Defensive Tackle - Tommy Kelly is supposed to be an up-the-field penetrator but has yet to be lined up next to a gap hog who can take on multiple blockers and give him the opportunity to make plays. 

Terdell Sands and Gerrard Warren would be excellent backups, as they have both shown flashes of brilliance, but neither has proven himself as a starter. The Raiders need to draft a defensive tackle this year. 

Spotlight on the Pick:  Second Round - Ron Brace  Of the top defensive tackles in the draft, Ron Brace may be the best fit for the Raiders.  He can occupy at least two offensive linemen in passing situations and moves well down the line of scrimmage to collapse running lanes.   

Weakside and Middle Linebacker - Thomas Howard and Kirk Morrison, respectively, have manned these positions for a few years and don't look to be going anywhere anytime soon. They're both excellent in coverage but have, at times, been suspect as tacklers. 

The Raiders need to give them a year or two with new defensive coordinator John Marshall before investing a high pick in a replacement.  No picks in 2009; possibly a mid-round pick in 2010.

Strongside Linebacker - Ricky Brown?  Jon Alston?  Sam Williams?  Who do the Raiders have at one of the key spots on their defense?  Special teams players.  Expect this to be addressed in the 2009 draft.

Spotlight on the Pick:   Fourth Round - Zach Follett  Follett is known as a hard hitter who spends a lot of time in the opposing team's backfield.  Follett would not have been invited for an interview with the Raiders recently if Jim Michalczik, former Cal, and now Raider, assistant coach, had not signed-off on his personality. 

Cornerback - Nnamdi Asomugha and Chris Johnson could finish the 2009 season as one of the most respected cornerback duos in the league. Stanford Routt is a very good nickel corner.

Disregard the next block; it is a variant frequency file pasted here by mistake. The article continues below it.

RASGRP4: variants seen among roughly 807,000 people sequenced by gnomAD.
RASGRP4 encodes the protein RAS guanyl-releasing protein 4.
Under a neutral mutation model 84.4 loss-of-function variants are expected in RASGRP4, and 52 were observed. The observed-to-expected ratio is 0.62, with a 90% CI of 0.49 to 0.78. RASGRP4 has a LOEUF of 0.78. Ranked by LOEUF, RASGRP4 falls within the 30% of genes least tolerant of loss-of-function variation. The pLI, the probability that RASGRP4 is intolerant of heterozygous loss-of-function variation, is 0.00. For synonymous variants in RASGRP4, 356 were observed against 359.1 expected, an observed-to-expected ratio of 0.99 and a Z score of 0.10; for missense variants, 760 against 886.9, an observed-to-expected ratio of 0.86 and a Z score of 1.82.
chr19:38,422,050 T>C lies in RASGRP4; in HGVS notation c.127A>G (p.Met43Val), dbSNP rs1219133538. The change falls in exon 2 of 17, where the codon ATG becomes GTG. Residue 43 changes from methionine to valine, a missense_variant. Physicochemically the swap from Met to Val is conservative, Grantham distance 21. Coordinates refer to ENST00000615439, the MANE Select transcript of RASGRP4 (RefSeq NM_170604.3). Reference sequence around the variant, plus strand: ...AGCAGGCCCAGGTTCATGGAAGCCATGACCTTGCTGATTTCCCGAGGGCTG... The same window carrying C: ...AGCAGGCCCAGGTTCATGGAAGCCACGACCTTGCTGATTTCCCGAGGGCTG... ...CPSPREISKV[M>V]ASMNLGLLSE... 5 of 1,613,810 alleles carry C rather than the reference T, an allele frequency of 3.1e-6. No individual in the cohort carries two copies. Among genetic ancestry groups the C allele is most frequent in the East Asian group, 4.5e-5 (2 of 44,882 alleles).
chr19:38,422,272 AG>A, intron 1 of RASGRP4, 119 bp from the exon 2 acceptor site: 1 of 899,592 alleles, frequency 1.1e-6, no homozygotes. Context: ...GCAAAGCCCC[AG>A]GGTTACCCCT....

Don't expect a pick to be used on a corner this year, though one could be drafted in the middle rounds of 2010 to add depth.   

Safety - Michael Huff has never lived up to expectations but is expected start at free safety in 2009.  Hiram Eugene will be his backup. Tyvon Branch is the projected starter at strong safety.  Hiram Eugene will be his backup.

That is not a type-o.  Hiram Eugene is projected to back up both safety positions next year.  The Raiders need another safety right away. 

Spotlight on the Pick:  Third Round - ???  The Raiders could go in several directions when drafting a safety. Chip Vaughn is a natural, in-the-box strong safety; Rashad Johnson is an expert ball hawk at free safety; Chris Clemons is an all-around solid player who played both free safety and strong safety in college. 

Availability will likely dictate who the Raiders draft, but expect them to grab a safety in round three this year.  They may also need to address one of the safety positions in 2010. 

Spotlight on the Pick: Round Seven - ???  In the seventh round, the Raiders would do well to find a player with versatility.  Clinton McDonald, for example, can play defensive end or defensive tackle; Ramon Foster can play offensive guard or tackle; Philip Hunt is an OLB/DE hybrid.  

The Raiders can add flexibility in round seven as there are several good athletes who need to find a position, and a home, in the NFL. 

It would be optimistic, under normal circumstances, to expect a team's first four picks to become major contributors in their rookie season. But Brace and Follett would almost certainly start in 2009, and any safety selected would see a lot of playing time.  Crabtree would be expected to start right away. 

If all four players were solid and filled the need they were intended to, the Raiders would be in a good position come 2010.  Here's a look at what they could do in next year's draft 

Rounds One and Two: Depending on what happens with Khalif Barnes and Derrick Burgess, left tackle and defensive end could be the two biggest needs coming out of the 2009 season 

Round Three: Fill any remaining need at safety

Round Three: Depth at linebacker

Round Five: A guard/center to backup Carlisle and Satele and possibly replace one of them in the future 

Round Six: Depth at corner/safety

Round Seven: A blocking tight end 

It's hard to believe, but the Raiders could be just one year away from being able to draft for depth instead of desperately trying to fill gaping holes on both offense and defense. It depends on a lot of things going the right way, but isn't far fetched.  

One thing's for sure, with a group of coaches who were specifically selected for their ability to teach, a returning head coach who demands players play for each other, and a whole new WE-CAN-WIN! attitude in the locker room, any players drafted by the Oakland Raiders in 2009 and 2010 will be in a better position to succeed than those who came before them. 

Here's to the Raiders of the future.